What we must realize is that our greatest task is not about discovering self-love, it’s about breaking down the walls we have built against it.  When we have the courage to push through these walls – to know and embrace ourselves, despite our humanness, our flaws, and our rejections – we also open the door to connecting in more caring, empathetic, and intimate ways with others who are truly worth loving.

Which is why it’s time to…

1.  Start telling yourself what you love about yourself. – In your own life it’s important to know how spectacular you are.  You really have to look in the mirror and be kind.  Because what we see in the mirror is often what we see in the world.  Our disappointment in others often reflects our disappointment in ourselves.  Our acceptance of others often reflects our acceptance of ourselves.  Our ability to see potential in others often reflects our ability to see potential in ourselves.  Our patience with others often reflects our patience with ourselves.  You get the idea – you’ve got to show yourself some love first and foremost.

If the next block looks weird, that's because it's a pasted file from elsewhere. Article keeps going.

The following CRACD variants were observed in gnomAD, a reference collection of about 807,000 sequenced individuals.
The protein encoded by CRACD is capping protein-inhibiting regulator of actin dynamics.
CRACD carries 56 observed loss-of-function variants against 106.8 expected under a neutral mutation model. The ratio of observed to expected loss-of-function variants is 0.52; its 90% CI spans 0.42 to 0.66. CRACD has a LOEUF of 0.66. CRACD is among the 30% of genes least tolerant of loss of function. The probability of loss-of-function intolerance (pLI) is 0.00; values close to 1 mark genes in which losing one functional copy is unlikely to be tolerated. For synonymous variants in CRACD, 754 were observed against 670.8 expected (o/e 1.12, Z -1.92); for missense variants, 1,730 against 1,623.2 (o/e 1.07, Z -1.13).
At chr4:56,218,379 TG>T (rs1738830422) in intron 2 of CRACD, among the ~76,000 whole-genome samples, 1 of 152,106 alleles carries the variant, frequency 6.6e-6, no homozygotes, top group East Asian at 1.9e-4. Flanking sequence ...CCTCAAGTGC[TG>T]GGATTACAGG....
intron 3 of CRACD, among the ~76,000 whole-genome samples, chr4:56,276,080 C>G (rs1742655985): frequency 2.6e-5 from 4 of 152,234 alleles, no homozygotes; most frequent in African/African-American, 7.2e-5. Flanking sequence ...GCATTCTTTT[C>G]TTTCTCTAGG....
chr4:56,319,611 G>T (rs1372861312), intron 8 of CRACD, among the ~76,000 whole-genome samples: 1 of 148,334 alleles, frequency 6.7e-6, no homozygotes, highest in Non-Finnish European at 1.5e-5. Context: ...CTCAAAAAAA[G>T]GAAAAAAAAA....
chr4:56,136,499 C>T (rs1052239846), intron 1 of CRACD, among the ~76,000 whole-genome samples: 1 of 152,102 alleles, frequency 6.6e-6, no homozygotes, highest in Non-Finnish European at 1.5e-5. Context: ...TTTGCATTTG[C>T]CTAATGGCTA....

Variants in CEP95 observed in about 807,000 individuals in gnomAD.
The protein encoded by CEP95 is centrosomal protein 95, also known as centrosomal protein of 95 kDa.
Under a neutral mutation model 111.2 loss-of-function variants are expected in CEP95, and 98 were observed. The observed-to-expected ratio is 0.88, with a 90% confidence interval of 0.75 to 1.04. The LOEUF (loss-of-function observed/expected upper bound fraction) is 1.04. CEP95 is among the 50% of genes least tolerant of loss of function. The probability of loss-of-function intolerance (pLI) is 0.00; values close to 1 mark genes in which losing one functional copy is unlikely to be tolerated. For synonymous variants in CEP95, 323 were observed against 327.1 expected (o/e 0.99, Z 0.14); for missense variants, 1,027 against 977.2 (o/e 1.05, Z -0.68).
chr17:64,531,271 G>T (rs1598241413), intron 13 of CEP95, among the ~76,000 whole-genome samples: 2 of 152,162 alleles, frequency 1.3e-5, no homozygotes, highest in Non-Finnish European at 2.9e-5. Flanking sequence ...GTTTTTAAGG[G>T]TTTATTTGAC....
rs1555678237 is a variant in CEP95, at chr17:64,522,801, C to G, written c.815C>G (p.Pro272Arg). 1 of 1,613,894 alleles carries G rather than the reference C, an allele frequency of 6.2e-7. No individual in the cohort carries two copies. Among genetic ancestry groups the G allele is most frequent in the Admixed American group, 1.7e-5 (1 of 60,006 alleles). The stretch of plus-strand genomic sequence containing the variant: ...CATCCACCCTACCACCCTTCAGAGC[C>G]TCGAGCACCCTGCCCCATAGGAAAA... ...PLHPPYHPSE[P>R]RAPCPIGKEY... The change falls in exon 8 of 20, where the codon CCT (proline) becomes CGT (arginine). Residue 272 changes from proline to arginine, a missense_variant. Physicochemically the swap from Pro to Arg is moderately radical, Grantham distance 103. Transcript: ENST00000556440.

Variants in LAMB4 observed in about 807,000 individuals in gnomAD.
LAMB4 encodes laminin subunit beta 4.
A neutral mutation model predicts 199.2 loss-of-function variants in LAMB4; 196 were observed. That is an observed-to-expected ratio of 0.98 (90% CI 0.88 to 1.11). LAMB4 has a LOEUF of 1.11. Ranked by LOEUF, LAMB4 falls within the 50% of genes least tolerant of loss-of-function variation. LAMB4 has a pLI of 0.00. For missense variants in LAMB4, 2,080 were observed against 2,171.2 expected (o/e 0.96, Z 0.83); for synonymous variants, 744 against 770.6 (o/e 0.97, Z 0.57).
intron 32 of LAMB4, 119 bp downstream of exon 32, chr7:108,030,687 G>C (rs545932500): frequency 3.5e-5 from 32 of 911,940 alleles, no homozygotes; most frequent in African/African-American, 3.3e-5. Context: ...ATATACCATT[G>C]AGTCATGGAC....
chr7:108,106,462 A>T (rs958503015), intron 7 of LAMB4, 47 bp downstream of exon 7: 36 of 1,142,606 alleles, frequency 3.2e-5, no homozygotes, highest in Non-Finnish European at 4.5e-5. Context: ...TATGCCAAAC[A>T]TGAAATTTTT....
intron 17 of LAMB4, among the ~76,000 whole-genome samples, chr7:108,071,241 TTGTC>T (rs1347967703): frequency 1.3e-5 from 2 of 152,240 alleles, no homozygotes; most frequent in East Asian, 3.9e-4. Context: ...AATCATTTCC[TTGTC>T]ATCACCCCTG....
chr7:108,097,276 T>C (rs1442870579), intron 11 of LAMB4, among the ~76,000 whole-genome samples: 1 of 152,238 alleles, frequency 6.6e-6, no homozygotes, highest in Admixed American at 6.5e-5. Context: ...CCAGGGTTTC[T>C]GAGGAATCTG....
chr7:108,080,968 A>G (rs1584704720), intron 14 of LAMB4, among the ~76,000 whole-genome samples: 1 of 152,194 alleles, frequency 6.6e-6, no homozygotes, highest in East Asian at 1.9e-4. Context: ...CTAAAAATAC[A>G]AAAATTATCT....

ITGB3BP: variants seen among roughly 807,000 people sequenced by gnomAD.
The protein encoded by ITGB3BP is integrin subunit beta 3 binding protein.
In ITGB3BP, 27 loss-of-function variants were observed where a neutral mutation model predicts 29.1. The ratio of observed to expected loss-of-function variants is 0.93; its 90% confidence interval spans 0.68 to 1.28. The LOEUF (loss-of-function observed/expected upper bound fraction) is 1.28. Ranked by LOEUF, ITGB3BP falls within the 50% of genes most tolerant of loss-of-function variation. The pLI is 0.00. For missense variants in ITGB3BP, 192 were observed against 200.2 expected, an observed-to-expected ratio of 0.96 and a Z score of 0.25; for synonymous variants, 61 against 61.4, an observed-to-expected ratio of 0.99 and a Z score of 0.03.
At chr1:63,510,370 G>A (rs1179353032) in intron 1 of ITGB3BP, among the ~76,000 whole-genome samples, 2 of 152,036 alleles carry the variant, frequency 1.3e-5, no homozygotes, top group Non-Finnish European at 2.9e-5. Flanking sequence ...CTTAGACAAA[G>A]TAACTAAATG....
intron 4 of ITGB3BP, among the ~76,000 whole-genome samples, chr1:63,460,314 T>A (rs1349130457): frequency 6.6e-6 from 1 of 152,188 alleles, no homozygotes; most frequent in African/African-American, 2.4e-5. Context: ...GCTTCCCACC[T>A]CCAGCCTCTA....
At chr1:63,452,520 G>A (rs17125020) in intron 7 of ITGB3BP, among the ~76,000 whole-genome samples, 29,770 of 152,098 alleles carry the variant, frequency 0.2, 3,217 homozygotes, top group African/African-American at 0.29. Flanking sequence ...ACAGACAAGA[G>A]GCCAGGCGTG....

2.  Start being one with what is. – Something that is really difficult, but totally worth it, is giving up on being perfect and beginning the journey of becoming your true self.  The most beautiful part of this journey is simply returning to the peaceful feeling of being.  This peace is the result of retraining your mind to process life as it is, rather than as you think it should be.